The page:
The favorite parlor game for liberal, MSM reporters and commentators must be, "Ask Me A Non-Question". Mixing business and pleasure during the spring 2007, they obsessived over the following non-question: "Is Barack Obama black enough?".
By posing non-questions, liberals can give non-answers, which suits them for several reasons. First, it satisfies their regular readers/viewers that they are all thinking. Secondly, it shows they all "care", by just asking. Lastly, they don't have to address real questions: those have much harder solutions.
Asking a non-question to a liberal is like waving the green starting flag at Darlington.
Google the search term, "is obama black enough" and it returns 2.78 million references--overwhelmingly from liberal blogs, newspapers and magazines. It isn't surprising: it was a non-question and any old non-answer was sufficient.
Asking hard, real questions about whether a first-term senator from Illinois had "The Right Stuff", the liberal media was manic about "The Right Color"--or, to be more exact, the right shade of color.
Here's a few representative samples:
As much as his biracial identity has helped Obama build a sizable following in middle America, it's also opened a gap for others to question his authenticity as a black man. In calling Obama the "first mainstream African-American who is articulate and bright and clean and a nice-looking guy," the implication was that the black people who are regularly seen by whites — or at least those who aspire to the highest office in the land — are none of these things.
--Is Obama Black Enough?
Time: Feb 1 2007
The Democratic hopeful Barack Obama could become the US's first black president. Yet, with his mixed-race background, Ivy League education and midwestern accent, one of his greatest challenges has been convincing African-Americans that he is 'one of us'.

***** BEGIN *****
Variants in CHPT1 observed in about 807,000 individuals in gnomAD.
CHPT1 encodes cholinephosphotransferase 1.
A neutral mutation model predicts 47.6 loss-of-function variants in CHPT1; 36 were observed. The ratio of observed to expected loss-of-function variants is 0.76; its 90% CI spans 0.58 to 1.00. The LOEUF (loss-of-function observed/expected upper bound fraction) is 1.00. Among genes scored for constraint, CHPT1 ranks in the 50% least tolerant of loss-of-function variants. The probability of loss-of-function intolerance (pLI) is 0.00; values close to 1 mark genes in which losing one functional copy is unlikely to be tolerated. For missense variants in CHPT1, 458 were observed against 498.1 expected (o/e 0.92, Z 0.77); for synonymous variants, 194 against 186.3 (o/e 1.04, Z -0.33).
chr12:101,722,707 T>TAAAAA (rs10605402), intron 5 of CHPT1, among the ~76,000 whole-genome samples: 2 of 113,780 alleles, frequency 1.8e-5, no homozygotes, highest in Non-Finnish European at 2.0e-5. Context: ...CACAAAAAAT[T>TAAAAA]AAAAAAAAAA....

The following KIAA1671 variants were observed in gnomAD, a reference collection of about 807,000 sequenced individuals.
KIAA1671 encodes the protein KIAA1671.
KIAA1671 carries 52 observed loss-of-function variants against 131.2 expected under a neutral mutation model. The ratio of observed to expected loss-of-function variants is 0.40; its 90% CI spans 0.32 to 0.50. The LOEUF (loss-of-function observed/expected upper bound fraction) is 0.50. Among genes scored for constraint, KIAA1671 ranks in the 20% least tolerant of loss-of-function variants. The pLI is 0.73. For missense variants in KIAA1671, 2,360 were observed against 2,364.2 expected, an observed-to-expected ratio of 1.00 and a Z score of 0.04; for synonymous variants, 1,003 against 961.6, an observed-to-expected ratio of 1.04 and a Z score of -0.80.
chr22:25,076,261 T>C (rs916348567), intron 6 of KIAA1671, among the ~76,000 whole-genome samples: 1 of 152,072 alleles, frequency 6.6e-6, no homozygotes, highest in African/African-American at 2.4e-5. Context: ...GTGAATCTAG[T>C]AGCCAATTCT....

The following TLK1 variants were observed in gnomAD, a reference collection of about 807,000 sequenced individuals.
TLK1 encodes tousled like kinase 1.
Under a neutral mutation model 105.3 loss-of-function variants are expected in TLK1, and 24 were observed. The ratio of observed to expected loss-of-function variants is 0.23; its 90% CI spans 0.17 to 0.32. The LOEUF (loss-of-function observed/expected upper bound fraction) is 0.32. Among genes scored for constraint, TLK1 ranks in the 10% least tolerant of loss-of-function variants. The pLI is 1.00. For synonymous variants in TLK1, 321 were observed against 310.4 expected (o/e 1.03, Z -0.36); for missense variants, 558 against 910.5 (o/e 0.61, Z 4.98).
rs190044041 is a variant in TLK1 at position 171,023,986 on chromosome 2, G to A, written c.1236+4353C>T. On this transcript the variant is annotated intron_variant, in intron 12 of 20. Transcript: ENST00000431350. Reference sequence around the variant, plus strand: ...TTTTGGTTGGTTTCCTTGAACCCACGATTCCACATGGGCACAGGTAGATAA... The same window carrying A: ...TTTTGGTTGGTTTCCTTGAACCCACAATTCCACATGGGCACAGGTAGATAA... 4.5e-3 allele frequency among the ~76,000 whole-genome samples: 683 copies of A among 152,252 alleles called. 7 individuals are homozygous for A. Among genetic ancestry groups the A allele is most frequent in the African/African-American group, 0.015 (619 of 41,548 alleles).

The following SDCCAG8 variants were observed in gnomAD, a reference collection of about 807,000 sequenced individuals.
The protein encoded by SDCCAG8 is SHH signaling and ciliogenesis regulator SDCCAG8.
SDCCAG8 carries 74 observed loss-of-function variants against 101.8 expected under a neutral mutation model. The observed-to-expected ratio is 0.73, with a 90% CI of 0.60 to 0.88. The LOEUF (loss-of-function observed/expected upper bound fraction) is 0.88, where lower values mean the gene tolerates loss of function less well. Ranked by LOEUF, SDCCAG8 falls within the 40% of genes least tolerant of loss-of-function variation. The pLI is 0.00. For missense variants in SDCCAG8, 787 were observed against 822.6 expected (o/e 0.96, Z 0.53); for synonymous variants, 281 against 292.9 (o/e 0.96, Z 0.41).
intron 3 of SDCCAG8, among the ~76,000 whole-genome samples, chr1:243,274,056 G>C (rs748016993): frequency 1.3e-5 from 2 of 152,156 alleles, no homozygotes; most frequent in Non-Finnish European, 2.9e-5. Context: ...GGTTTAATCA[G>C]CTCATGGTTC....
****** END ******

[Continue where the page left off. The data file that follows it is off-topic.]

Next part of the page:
--Is Barack Obama Black Enough?
The Guardian: Gary Younge, March 1 2007
That was the question 60 Minutes correspondent Steve Kroft posed to Obama in an interview that aired on Sunday. Kroft asked the biracial senator why he considered himself black even though he was raised in a white household. Obama responded by telling Kroft that he never decided to be black: “I think if you look African-American in this society, you’re treated as an African-American.”
--Is Obama Black enough?
Columbia Journalism Review, Sarah Sarmah Feb 15 2007
It was as if American Liberalism had regressed 250 years, to the days of the mulatto, quadroon and octoroon.
The terms mulatto, quadroon, and octoroon originated with the racial policies of European colonizers in the Americas, especially the Spanish. Because civil rights and responsibilities were based directly on the degree of European blood that a person had, such classifications were highly elaborated, and minor distinctions in ancestry were carefully recorded. While these terms have highly precise definitions, in actual practice they were often used based on impressions of skin color rather than definite knowledge of ancestry.Conservatives mostly commented on the media's interest in a non-question. The question itself was absurd, as was the liberal's fascination with it. If Obama held conservative positions on the issues, he could have been a bright blue.
"Black enough" non-questions are best left to be considered by the liberal Left. Those that practice racial identity politics are better equipped to comment on that which is familiar.
Apparently, liberals decided that Barack Obama was "black enough". The question disappeared and won't be seen again--unless Obama does something to anger a segment of the black population.
In which case, it will be like waving a red flag to a bull--and liberals will get to play their favorite game once again.
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